PRESENTATION
 














VEDUN Ensemble

MUSICAL INSTRUMENTS

The musicians play rare original instruments, mostly from Mirit’s extensive collection which will soon comprise 300 instruments from all over the world. They also play replicas of historic and pre-historic instruments. To perform the harmonising sound they use instruments of the past periods that were preserved as folk instruments (untempered attunement) until the Atomic Era. In addition, they use shamanic instruments of different cultures and historic periods, which generate a relaxing and harmonising effect with their tone heights and attunements: Siberian (Khakassian) microtonal chartan, European medieval, Baroque and folk cimbaloms and their Persian predecessor santur, Byzantine and Oriental tambouras, Greek bouzouki (also the bouzouki in the style of a Mediterranean mandolin, Russian balalaika and Balkan tamboura), Persian-Arabic lutes, Balkan-Arabic and Armenian saz, Arabic gimbri, Tuvan igil, Mongolian-Siberian morin khuur, Arabic rubab, Dubrovnik lijerica, Balkan gusle, Indian esraj, Hawaiian ukulele, South American charango, Chinese fiddle erhu, Slovene drone and violin zithers, prehistoric bone flutes and flutes from different cultures, North American Indian and Mayan double flute quena, Slavic and Slovene wooden flutes žvegle and reed pipes, Slavic and ancient flutes sopela, Balkan and Istrian flutes šurla and double flutes, duduk and flutes svirale, Hawaiian nose flutes, Slovak fujaras, European clay ocarinas, Chinese prehistoric clay ocarina xun, the Vietnamese oboe, Aboriginal singing tubes, reed pan pipes from different continents, European wooden and animal horns; the instruments from the Balinese gamelan orchestra (bamboo xylophones rindik, flutes suling, a metallophone with two bars, cradled gongs kompler and komplək, double-sided drum kendhang), Himalayan singing and crystal bowls, Indian harmonium, folk string drum, Hawaiian ipu gourd drum, drums from various traditions: Siberian shamanic dungur drums, Native American drums, Egyptian and Balkan darbukas, dafs and tambourines, African djembes; Renaissance and various folk horns, Tibetan metal horns, ancient Slavic clay urns, Oceanian conches, folk bullroarers and scrapers, European jaw harps, percussion implements and rattles from various cultures, cymbals, bells, African sansas and aliquot drum udu etc.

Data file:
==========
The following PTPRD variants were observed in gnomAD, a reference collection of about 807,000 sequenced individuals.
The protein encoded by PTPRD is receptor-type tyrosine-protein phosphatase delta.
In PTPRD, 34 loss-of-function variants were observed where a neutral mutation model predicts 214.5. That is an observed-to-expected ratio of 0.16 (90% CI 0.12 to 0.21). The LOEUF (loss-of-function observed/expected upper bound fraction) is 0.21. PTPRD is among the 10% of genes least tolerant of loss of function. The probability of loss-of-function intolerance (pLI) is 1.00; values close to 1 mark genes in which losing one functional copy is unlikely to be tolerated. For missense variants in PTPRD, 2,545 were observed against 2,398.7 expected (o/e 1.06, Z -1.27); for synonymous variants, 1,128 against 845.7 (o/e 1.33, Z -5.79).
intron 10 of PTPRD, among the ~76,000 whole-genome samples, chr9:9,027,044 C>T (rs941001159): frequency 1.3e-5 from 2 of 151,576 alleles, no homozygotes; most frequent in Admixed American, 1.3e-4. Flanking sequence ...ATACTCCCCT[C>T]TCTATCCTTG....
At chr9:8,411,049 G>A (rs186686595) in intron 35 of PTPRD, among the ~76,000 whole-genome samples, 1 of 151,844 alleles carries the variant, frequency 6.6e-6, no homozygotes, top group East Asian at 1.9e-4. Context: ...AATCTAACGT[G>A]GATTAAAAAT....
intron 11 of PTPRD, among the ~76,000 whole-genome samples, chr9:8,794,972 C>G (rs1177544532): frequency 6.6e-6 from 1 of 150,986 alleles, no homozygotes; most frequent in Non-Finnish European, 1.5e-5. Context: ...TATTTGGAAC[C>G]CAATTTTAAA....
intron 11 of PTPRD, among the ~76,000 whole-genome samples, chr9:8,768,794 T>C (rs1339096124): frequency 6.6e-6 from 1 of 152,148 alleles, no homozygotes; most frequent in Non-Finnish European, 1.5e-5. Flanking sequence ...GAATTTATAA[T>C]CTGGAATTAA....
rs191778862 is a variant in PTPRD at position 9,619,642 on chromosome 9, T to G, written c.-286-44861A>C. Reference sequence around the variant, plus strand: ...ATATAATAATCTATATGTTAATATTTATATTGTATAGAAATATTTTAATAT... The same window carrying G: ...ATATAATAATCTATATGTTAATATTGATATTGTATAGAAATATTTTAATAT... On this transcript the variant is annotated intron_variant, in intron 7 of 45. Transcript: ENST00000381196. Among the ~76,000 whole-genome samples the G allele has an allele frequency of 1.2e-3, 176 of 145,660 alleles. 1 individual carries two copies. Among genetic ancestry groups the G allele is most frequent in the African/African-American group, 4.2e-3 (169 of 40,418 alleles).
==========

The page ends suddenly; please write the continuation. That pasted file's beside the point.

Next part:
For the performance of the Slovene musical heritage they use original rare folk instruments and reconstructions of instruments, which have been forgotten on Slovenian territory: oprekelj (small cimbalom) and big cimbalom, žvegle (wooden cross flutes), pan pipes, zithers (chord, drone, violin, harp and guitar zithers), jaw harps, thick reed flutes, clay ocarinas, double flutes dvojnice, bagpipes and diple (bagpipes) with a windbag, tamburitzas, sopelas and šurlas (Istrian untempered instruments), horns (from both animals and bark), earthenware pot basses (gudala), little bass (violoncello), tambourines, drums and a number of simple improvised sound-makers.

Beside the above-mentioned instruments, the members of the Vedun Ensemble use medieval-Renaissance reconstructions and instruments from European musical heritage: reconstructions of the medieval small cimbalom (oprekelj) and psaltery, medieval string drum, Slovene and Hungarian drone zithers drsovce, the marine trumpet Trumscheit, the bowed psaltery Streichpsalterijor the European medieval bowed psaltery, Slavic cimbaloms, numerous predecessors of wooden flutes and sopelas, various percussion instruments and scrapers, jaw harps, earthenware bass, wooden and animal horns, tambourines and drums etc.

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